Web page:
Back in 2021, and even lingering into 2022, there was a shortage of vegetable seed available to gardeners (and even farmers). All sorts of factors led to scarcity, and you could lay blame with the typical, pandemic-related, phrases: “global gardening boom,” “labor shortage” or the dreaded “supply chain disruption.” By the time the seed catalog arrived in the mailbox, it was too late – online purchasing allowed gardeners and farmers alike the opportunity to purchase bulk quantities, prices be damned.
Now that things have started to return to “normal,” we are seeing greater availability. The downtick in gardening interest has probably decreased demand slightly, but not surprisingly, high prices per seed packet remain. By no means am I an economist, but the law of supply and demand doesn’t seem to really be in place here.
I had less trouble finding my tried and true vegetables this winter, although the “Celebrity” tomato, “Mellow Star” shishito pepper and “Bolero” carrots have been scarce to absent online. Fortunately, every spring there seems to be a solution to the “sold out” seed gardening woe: seed swaps, exchanges and sales.
The Animas Valley Grange just held its swap on Saturday, and the Pine River Garden Club will hold theirs March 18 in Bayfield. Sometimes gardeners just buy, or save, too much seed and sharing becomes the best solution. For example, I tried to buy sugar snap peas last year from a reputable seed company and I couldn’t buy a packet (250 seeds), so instead, I had to supersize it to the half-pound. Ironically, the fast food model also works for seeds as it was only about $2 more for 1,000 seeds. What a deal! Now I have an extra 950 seeds to last me until I retire.
Or I share them!
If you want to purchase seeds, CSU Extension (really, The Garden Guys) has that covered as well. From 10 a.m. to 2 p.m. March 12 at the La Plata County Fairgrounds, will we have our second annual Heritage Seed Sale. We should have more than 40 different vegetable and herb varieties available, including nine different tomatoes, five different lettuces, two peppers (including my favorite, Corno di Toro), and even Hopi blue corn!
If you go
WHEN: 10 a.m. to 2 p.m. March 12.
WHERE: La Plata County Fairgrounds, 2500 Main Ave.
COST: All seed packets will be $1 (promise, that’s a great deal).
SOURCE: The Great American Seed Up (Glendale, Arizona) and Pueblo Seed and Food Co. (Cortez).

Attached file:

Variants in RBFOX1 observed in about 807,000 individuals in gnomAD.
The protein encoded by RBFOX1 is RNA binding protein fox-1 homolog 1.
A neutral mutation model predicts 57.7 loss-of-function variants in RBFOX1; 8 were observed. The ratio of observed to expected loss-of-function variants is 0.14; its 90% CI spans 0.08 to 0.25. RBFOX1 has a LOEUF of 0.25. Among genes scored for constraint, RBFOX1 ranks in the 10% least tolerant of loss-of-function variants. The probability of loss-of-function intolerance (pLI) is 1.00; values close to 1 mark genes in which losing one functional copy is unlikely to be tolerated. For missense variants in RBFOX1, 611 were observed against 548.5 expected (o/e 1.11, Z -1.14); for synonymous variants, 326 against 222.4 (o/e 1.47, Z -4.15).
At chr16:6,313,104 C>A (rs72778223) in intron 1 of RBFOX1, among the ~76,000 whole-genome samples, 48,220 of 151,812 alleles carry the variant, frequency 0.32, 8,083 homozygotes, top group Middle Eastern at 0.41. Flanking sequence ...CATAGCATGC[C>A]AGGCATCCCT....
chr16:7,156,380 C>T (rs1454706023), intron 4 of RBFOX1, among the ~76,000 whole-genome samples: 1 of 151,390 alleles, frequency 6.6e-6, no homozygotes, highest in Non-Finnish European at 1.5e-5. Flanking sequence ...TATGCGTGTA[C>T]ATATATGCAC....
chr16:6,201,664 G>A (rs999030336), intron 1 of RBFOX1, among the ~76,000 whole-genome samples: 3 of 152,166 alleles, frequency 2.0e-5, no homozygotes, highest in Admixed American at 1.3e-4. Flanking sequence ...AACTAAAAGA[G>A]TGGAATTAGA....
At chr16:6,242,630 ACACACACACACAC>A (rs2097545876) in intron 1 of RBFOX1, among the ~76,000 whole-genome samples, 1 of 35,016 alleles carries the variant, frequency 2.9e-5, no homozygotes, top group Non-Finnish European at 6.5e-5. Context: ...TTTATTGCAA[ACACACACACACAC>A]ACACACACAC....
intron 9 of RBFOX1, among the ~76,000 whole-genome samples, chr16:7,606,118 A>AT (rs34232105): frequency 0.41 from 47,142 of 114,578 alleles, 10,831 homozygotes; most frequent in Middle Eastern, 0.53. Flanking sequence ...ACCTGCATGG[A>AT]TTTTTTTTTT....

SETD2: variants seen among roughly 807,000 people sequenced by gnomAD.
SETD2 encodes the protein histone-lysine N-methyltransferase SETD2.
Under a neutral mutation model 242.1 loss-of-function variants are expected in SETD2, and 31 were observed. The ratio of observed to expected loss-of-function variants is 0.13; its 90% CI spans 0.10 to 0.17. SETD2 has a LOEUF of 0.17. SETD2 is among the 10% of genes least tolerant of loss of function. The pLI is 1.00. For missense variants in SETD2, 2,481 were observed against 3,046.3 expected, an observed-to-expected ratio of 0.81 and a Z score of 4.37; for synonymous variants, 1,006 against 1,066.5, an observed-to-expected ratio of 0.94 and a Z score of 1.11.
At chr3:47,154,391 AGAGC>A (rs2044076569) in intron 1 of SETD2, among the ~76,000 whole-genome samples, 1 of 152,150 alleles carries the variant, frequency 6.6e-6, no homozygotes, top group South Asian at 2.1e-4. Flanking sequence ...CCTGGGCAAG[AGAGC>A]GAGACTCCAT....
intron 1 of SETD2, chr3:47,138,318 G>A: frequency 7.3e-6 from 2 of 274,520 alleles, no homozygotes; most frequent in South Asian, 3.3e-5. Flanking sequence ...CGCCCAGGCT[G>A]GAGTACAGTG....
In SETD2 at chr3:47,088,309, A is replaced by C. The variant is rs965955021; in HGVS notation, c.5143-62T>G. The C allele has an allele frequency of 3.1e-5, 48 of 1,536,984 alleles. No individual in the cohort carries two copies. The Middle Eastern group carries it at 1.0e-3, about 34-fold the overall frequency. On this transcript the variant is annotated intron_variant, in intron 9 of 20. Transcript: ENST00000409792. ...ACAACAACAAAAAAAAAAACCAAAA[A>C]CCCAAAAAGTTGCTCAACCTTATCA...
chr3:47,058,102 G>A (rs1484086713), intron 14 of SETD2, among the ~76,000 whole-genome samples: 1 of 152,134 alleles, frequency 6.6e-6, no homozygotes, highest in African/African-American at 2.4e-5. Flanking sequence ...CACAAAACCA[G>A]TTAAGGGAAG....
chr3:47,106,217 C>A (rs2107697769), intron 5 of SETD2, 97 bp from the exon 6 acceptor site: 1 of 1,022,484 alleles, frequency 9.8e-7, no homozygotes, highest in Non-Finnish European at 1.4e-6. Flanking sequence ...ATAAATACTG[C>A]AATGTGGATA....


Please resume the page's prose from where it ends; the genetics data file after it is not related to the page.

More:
WHY: These are all open-pollinated seeds you can save from the garden and help stabilize a diverse “seed bank.” We should have over 40 different vegetable and herb varieties to select from!
Educational alert: Heritage seeds is another name for heirloom, which means they have been passed along for generations, and typically were around before the first hybrids came onto the market in 1951. Almost all heirlooms, or heritage, plants are open-pollinated, meaning they are fertilized by pollinators (bees, moths, birds, bats, wind or rain) and produce stable offspring that breed true to type if properly managed. That means there will be consistent uniformity between individuals in the plant population grown from the seeds saved. If you know how to save seed, then there is the potential that you, and your garden, can help stabilize a diverse seed bank in our area. And you may not ever have to buy seeds again.
Hybrids are the result of two plants that have desirable characteristics (for example, an early maturing tomato and another one that has resistance to certain types of fungi) being deliberately crossed to produce a new variety. The biggest difference between hybrids and open-pollinated varieties: Seed saved from hybrids will not grow true-to-type (don’t know what you will get). Not so with open-pollinated types.
In many of our gardens, there is a place for all the seeds – heritage, heirloom, open-pollinated and hybrids, and maybe even a couple of weeds (even you, cute little cheatgrass).
Darrin Parmenter is the director and horticulture agent of the La Plata County Extension Office. Reach him at email@example.com or 382-6464.